Thursday, April 24, 2008

Letter Circulating Campus

The new form letter from Lam et. al. being sent out to the campus, after the jump.

Dear Dartmouth Community,

Attached is a petition written by several Dartmouth students in protest of the Association of Alumni (AoA) lawsuit that has been filed against the College. On April 28, alumni will begin voting to elect the new leadership of the AoA. The outcome of this election will determine the fate of the lawsuit.

The petition does not take a stand on the brewing debate over parity between alumni and charter trustees on the Board of Trustees. It simply seeks to communicate to the alumni electorate that current undergraduates want to see an end to the lawsuit.

The lawsuit has been sapping the resources of the College. The price tag of Dartmouth's legal costs will reach $2 million. The bad press has tarnished Dartmouth's name. And the lawsuit further polarizes the community of alumni.

The voice of the students can make the decisive difference in the upcoming AoA election. Let your voice be heard.

I encourage you to read the attached petition and urge you to sign it.

If you would like to sign it, please fill out, and blitz either back the following to Bonnie Lam BY MIDNIGHT TONIGHT!

"I ___(your name)____ have read and agree with the petition: "From Dartmouth Students to Alumni."

Thank you.

12 comments:

Anonymous said...

What does the "attached petition" say, or is it the prior letter?

Anonymous said...

According to the letter, the College is willing to spend $2 million in order to reduce the number of alumni-elected Board seats from 50% to 33%.

According to today's D, the College plans to spend $12.8 million reducing the number of beds in New Hamp from 120 to 100.

Anonymous said...

Don't worry. One of the new charter trustees will give enough to build another dorm.

Anonymous said...

Don't worry. One of the new charter trustees will give enough to build another dorm.

Anonymous said...

Really Old Alum says:

Let's burn down Dartmouth Hall, rebuild it with alumni money, and fill the upper floor with cots and bunk beds for students. The faculty can live on the second floor and teach on the first. Isn't this longing for the good ol' days what the fight is all about?

At least this seems to be how the pro-administrative PR portrays dissident opinion.

Anonymous said...

"At least this seems to be how the pro-administrative PR portrays dissident opinion."

This is the heart of the problem.

Ratster said...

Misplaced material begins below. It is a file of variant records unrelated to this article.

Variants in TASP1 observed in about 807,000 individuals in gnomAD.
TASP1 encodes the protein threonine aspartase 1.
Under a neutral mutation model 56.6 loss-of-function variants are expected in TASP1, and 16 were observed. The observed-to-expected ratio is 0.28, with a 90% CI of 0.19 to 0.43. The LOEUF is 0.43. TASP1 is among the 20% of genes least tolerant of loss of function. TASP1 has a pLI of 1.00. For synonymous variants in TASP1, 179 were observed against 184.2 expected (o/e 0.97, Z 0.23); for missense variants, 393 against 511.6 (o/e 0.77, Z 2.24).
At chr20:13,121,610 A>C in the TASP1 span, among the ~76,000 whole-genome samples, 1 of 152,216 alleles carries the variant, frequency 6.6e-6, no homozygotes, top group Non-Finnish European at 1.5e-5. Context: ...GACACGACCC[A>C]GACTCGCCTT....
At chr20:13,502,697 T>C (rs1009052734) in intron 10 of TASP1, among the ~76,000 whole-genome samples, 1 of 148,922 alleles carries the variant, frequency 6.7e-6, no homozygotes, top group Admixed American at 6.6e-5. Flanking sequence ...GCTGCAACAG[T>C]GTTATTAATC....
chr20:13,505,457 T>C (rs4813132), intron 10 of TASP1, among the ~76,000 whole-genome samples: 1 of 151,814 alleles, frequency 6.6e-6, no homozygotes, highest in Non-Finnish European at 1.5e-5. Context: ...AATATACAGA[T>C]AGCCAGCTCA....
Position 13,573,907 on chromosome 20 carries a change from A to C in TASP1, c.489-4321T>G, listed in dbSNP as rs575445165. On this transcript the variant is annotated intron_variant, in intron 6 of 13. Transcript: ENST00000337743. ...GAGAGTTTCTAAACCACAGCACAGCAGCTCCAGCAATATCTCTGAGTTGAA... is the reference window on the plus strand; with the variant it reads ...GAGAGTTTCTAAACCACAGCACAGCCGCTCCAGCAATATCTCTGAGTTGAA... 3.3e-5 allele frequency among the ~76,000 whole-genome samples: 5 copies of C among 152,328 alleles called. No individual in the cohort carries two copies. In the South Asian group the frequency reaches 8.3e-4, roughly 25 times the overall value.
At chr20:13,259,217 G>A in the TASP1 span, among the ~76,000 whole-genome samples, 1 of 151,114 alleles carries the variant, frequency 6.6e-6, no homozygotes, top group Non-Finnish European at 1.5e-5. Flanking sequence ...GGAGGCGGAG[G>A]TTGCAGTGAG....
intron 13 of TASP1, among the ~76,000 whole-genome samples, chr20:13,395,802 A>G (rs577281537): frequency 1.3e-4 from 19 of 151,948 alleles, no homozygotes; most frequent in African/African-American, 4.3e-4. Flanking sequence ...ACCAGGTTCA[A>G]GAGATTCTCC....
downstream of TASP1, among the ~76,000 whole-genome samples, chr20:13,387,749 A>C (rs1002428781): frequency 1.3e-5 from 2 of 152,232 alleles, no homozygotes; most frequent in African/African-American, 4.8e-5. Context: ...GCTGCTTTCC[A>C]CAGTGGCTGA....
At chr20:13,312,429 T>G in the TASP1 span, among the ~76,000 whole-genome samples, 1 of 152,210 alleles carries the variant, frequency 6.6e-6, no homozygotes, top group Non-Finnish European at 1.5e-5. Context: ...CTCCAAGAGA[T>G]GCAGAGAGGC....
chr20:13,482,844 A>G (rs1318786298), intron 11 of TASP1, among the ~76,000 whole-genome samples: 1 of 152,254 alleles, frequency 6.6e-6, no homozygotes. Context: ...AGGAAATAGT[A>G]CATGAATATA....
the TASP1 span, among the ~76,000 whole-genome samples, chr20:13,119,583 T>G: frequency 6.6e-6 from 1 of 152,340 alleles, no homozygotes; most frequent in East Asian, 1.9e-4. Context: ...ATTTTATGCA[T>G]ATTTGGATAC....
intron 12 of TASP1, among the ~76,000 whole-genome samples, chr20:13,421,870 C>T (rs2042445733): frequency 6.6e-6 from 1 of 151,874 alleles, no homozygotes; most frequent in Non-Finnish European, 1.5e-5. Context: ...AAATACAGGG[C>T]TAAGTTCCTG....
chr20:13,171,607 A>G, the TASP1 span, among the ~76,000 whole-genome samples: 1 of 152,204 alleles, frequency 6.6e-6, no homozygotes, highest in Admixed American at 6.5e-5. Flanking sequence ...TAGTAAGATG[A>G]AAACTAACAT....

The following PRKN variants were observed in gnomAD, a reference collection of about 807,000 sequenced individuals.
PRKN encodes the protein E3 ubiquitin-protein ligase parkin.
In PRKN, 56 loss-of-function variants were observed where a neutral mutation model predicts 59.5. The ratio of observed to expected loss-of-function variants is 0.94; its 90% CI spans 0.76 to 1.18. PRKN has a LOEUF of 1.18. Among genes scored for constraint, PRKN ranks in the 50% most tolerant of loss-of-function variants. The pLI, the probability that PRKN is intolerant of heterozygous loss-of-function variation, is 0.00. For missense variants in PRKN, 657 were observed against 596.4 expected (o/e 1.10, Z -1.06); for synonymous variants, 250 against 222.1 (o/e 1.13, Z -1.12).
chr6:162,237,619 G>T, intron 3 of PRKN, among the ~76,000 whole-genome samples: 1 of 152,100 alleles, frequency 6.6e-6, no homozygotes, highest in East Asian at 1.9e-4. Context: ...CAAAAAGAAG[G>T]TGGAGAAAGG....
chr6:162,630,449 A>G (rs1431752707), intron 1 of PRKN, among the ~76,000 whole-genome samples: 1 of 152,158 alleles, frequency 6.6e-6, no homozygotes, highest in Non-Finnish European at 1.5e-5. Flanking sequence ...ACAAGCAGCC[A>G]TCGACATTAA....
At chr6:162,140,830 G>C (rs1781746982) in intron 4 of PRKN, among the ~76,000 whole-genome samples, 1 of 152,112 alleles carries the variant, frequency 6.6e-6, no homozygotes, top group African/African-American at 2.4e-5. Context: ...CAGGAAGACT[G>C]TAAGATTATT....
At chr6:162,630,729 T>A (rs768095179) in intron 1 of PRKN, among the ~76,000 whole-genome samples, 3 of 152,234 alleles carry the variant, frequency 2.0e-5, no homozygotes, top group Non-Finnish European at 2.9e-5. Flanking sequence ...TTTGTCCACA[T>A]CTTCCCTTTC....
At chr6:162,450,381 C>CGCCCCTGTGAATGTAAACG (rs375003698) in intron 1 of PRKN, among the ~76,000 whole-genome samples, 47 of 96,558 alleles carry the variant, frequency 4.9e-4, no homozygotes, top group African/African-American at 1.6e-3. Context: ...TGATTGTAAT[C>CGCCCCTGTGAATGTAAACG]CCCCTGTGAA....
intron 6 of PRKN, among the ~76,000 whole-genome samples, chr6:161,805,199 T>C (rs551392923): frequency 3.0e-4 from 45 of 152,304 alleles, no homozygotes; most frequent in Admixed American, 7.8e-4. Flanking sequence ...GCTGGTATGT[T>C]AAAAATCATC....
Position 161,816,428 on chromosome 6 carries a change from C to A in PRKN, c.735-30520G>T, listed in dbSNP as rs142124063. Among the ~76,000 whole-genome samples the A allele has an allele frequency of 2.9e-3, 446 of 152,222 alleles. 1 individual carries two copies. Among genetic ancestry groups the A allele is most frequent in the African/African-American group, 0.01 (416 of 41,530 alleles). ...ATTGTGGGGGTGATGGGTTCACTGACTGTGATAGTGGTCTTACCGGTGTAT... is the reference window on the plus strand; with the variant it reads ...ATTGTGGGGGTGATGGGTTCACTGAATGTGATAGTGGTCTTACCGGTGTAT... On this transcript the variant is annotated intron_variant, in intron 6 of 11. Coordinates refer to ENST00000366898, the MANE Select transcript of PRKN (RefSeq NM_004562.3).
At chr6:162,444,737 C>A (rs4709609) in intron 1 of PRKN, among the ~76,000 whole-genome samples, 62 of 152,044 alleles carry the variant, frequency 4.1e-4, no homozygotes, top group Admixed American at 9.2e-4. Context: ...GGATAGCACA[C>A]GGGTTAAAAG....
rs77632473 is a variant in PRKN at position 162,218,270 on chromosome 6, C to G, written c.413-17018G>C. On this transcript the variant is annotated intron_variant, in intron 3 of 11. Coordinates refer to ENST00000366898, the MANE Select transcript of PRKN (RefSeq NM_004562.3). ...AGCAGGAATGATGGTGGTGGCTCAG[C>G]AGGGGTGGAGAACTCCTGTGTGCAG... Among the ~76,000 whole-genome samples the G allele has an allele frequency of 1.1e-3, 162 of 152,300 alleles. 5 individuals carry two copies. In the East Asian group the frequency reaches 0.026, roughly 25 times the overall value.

"According to the letter, the College is willing to spend $2 million in order to reduce the number of alumni-elected Board seats from 50% to 33%."

No, the College is willing to spend $2 million and more on self-defense and the preservation of its autonomy. Do not forget that the board is the defendant in a law suit by outsiders asking a state court to directly interfere with the board's legitimate conduct of its own business.

Anonymous said...

"Do not forget that the board is the defendant in a law suit by outsiders asking a state court to directly interfere with the board's legitimate conduct of its own business"

I think you're missing the point. It's not "legitimate conduct of its own business.

Winning on three counts in court upheld this.

Anonymous said...

Catster says:

Ratster is right... The College is not spending $2 million. The figure is actually higher. Mailing a 55 page document, remember- the one concluding that more elections by alumni to chose trustee nominees was harmful, to all 70,000 alumni must have cost at least $100 thousand. Not to mention airfares for all the sales roadshows.

Anon above is also right. The Court case is about the conduct of the Board in its business dealings with another entity.

ratster said...

Anon. 11:33, the Board conducts its business legitimately. Its vote to amend its bylaws regarding nominations for the new seats was completely proper. If someone claims otherwise, it is his job to try to prove it if he can.

The trial has not happened yet. You are buying into a myth if you think the AoA has won "on three counts in court." The AoA's complaint has, for the most part, survived a motion to dismiss it.

Anonymous said...

Ratster's right, except that I don't think that the "for the most part" qualifier is necessary or accurate. Did the court strike any of the counts in the complaint?

Ratster said...

The court dismissed the plaintiff's judicial estoppel claim. It always was a sickly child.